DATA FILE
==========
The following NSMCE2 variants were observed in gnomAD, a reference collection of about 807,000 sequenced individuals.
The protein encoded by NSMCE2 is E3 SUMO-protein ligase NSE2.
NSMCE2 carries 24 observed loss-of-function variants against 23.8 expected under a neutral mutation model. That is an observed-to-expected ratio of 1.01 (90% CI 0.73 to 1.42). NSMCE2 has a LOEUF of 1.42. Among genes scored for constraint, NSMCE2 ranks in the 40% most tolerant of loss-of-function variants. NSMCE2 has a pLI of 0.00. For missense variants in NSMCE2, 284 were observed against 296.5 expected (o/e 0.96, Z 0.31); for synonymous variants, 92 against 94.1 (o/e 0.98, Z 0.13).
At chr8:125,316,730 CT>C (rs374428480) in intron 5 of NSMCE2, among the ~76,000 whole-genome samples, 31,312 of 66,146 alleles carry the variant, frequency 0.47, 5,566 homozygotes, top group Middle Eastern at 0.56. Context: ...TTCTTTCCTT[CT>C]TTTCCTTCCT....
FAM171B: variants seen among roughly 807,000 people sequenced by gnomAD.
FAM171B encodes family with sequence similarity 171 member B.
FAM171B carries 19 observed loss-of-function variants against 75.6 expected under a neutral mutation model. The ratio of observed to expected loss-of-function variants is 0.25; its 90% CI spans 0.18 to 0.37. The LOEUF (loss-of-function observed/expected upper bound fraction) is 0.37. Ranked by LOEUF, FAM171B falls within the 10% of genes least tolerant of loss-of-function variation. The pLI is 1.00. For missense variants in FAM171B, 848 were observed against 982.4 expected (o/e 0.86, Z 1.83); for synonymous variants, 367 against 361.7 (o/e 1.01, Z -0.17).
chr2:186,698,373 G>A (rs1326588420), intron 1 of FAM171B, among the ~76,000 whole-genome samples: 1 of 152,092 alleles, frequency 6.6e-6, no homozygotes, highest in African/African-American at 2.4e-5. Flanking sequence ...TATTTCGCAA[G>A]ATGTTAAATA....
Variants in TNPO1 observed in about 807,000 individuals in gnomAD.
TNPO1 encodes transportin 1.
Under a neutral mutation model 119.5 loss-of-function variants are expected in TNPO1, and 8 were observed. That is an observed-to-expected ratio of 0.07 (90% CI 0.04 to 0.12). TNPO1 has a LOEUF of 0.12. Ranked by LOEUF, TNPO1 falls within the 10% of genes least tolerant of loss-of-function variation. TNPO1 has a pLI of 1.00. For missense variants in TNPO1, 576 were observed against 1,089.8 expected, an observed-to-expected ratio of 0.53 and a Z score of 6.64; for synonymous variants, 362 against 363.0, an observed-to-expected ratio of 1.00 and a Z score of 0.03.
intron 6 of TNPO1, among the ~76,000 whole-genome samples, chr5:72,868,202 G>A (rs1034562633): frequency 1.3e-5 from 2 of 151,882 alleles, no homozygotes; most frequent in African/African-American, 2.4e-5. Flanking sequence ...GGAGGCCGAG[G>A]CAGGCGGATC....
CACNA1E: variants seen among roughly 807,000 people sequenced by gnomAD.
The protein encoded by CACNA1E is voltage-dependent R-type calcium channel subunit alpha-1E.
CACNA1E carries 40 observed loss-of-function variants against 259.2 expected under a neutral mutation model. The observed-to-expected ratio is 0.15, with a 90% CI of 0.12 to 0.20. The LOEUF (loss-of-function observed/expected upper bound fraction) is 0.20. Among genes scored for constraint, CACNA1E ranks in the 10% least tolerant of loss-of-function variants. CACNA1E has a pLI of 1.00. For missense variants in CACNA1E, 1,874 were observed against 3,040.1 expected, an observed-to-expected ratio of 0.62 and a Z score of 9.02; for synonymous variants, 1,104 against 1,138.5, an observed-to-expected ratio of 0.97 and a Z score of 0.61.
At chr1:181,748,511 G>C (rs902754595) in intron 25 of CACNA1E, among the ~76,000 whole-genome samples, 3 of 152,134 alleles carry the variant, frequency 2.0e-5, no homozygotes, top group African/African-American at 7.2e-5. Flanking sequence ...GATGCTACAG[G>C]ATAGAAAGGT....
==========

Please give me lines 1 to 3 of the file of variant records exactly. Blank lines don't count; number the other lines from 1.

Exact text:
The following NSMCE2 variants were observed in gnomAD, a reference collection of about 807,000 sequenced individuals.
The protein encoded by NSMCE2 is E3 SUMO-protein ligase NSE2.
NSMCE2 carries 24 observed loss-of-function variants against 23.8 expected under a neutral mutation model. That is an observed-to-expected ratio of 1.01 (90% CI 0.73 to 1.42). NSMCE2 has a LOEUF of 1.42. Among genes scored for constraint, NSMCE2 ranks in the 40% most tolerant of loss-of-function variants. NSMCE2 has a pLI of 0.00. For missense variants in NSMCE2, 284 were observed against 296.5 expected (o/e 0.96, Z 0.31); for synonymous variants, 92 against 94.1 (o/e 0.98, Z 0.13).